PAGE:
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Publication numberUS5688229 A
Publication typeGrant
Application numberUS 08/651,037
Publication dateNov 18, 1997
Filing dateMay 17, 1996
Priority dateMay 17, 1996
Fee statusLapsed
Publication number08651037, 651037, US 5688229 A, US 5688229A, US-A-5688229, US5688229 A, US5688229A
InventorsEric Bauer
Original AssigneeBauer; Eric
Export CitationBiBTeX, EndNote, RefMan
External Links: USPTO, USPTO Assignment, Espacenet
Cervical collar
US 5688229 A
Abstract
A cervical collar is disclosed. The collar has a chin support which can be adjusted up or down to accommodate necks of different lengths.
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Claims(3)
I claim:
1. A cervical collar comprising:
a. a flexible plastic shell which can be formed into approximately a circular shape, wherein the shell has an inner surface and an outer surface as well as front and back portions;
b. a ventilation opening at the back portion of the shell;
c. an opening at the front portion of the shell suitable for providing access to a neck of a person wearing the collar;
d. a closed-cell foam lining which fits along the inner surface of the shell, with openings in the lining corresponding to the openings in the shell;
e. flexible members disposed at a top edge of the front portion of the shell;
f. channels on the outer surface of the front portion of the shell;
g. two adjustable posts, wherein each post has an inner edge and an outer edge, where each post is inserted into a channel and where the inner edge of each post is smooth and the outer edge of each post has a saw-tooth pattern which is suitable for detachably engaging the channel;
h. a slot in each adjustable post to allow the user of the collar to squeeze the inner and outer edge of each post together by use of finger pressure thus allowing the outer edge of each post to disengage from the channel;
i. a chin support attached to the posts and to the flexible members.
2. A cervical collar comprising:
a. a flexible plastic shell which can be formed into approximately a circular shape, wherein the shell has an inner surface and an outer surface as well as front and back portions;
b. a ventilation opening at the back portion of the shell;
c. an opening at the front portion of the shell suitable for providing access to a neck of a person wearing the collar;
d. a closed-cell foam lining which fits along the inner surface of the shell, with openings in the lining corresponding to the openings in the shell;
e. flexible members disposed at a top edge of the front portion of the shell;
f. channels on the outer surface of the front portion of the shell;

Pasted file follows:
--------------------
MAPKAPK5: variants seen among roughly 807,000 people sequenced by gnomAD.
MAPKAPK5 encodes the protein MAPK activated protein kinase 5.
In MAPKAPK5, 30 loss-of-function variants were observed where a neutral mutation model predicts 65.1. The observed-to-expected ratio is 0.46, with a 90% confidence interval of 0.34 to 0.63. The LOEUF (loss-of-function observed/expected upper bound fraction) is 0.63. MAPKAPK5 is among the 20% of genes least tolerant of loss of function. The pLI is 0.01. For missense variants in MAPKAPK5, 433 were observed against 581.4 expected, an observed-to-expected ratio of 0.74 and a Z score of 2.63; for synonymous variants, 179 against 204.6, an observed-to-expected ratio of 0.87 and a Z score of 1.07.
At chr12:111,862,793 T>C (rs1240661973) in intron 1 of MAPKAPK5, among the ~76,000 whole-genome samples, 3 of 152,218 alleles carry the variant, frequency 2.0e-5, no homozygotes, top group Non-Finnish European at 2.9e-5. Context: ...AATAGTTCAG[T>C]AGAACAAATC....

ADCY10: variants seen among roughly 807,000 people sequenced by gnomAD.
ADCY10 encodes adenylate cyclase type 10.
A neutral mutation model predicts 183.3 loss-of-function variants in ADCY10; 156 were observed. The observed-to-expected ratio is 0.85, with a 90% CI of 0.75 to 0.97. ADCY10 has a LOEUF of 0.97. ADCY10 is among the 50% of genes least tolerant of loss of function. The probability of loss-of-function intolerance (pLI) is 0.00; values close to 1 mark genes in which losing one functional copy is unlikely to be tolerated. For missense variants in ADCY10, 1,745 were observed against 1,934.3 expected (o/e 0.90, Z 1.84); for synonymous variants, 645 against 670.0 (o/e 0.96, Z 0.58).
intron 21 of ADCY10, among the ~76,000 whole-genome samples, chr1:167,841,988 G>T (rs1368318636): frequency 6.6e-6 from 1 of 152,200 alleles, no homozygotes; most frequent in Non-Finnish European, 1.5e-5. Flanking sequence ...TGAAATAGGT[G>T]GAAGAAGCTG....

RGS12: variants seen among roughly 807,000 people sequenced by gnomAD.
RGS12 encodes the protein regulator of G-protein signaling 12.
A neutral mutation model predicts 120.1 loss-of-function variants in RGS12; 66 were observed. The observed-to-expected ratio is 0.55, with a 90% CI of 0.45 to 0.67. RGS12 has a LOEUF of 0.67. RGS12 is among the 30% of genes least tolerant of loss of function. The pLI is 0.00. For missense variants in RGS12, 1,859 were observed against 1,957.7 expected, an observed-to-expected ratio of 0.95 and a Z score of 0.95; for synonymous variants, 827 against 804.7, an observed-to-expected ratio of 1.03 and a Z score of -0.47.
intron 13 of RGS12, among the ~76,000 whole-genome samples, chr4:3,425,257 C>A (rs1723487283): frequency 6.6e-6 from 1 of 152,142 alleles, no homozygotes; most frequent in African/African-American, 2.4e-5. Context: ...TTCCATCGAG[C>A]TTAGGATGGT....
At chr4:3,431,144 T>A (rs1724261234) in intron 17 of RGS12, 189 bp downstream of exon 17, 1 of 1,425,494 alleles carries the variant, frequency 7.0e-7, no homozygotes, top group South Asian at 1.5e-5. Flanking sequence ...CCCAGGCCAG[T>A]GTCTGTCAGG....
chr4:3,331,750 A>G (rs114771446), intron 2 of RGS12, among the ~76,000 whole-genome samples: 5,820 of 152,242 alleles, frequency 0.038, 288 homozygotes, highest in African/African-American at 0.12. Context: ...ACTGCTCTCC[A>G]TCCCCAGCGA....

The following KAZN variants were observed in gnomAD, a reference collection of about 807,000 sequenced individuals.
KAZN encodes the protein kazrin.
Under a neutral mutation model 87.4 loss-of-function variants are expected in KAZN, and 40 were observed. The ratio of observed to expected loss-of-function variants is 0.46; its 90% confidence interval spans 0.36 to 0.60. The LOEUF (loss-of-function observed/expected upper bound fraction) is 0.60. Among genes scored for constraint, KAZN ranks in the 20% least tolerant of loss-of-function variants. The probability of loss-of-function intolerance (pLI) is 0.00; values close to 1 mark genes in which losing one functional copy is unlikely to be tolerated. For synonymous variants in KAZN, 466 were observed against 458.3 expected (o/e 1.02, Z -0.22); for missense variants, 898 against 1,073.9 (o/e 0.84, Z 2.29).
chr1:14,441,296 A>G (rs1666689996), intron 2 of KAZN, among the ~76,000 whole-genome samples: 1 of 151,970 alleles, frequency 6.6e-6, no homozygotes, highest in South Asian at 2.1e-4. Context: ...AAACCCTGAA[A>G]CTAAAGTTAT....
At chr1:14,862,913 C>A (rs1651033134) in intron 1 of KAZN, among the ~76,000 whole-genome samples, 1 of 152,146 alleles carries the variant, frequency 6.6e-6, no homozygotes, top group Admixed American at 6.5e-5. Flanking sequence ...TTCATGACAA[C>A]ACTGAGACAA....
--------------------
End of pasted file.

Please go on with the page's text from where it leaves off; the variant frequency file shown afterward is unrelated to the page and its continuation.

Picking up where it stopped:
g. two adjustable posts, wherein each post has an inner edge and an outer edge as well as a top portion and a bottom portion, where each post is inserted into a channel and where the inner edge of each post is smooth and the outer edge of each post has a saw-tooth pattern which is suitable for detachably engaging the channels;
h. a groove between the top portion and the bottom portion of each post which allows the top portion of each post to be folded toward the bottom portion of each post;
i. a slot in each adjustable post to allow the user of the collar to squeeze the inner and outer edge of each post together by use of finger pressure thus allowing the outer edge of each post to disengage from the channel;
j. a chin support attached to the posts and to the flexible members.
3. A cervical collar comprising:
a. a flexible plastic shell which can be formed into approximately a circular shape, wherein the shell has an inner surface and an outer surface as well as front and back portions;
b. a ventilation opening at the back portion of the shell;
c. an opening at the front portion of the shell suitable for providing access to a neck of a person wearing the collar;
d. a closed-cell foam lining which fits along the inner surface of the shell, with openings in the lining corresponding to the openings in the shell;
e. flexible members disposed at a top edge of the front portion of the shell;
f. two channels on the outer surface of the front portion of the shell where each channel has an angled outer edge;
g. two adjustable posts, wherein each post has an inner edge and an outer edge as well as a top portion and a bottom portion, where each post is inserted into a channel and where the inner edge of each post is smooth and the outer edge of each post has a saw-tooth pattern which is suitable for detachably engaging the angled outer edge of each channel;
h. a groove between the top portion and the bottom portion of each post which allows the top portion of each post to be folded toward the bottom portion of each post;
i. a slot in each adjustable post to allow the user of the collar to squeeze the inner and outer edge of each post together by use of finger pressure thus allowing the outer edge of each post to disengage from the channel;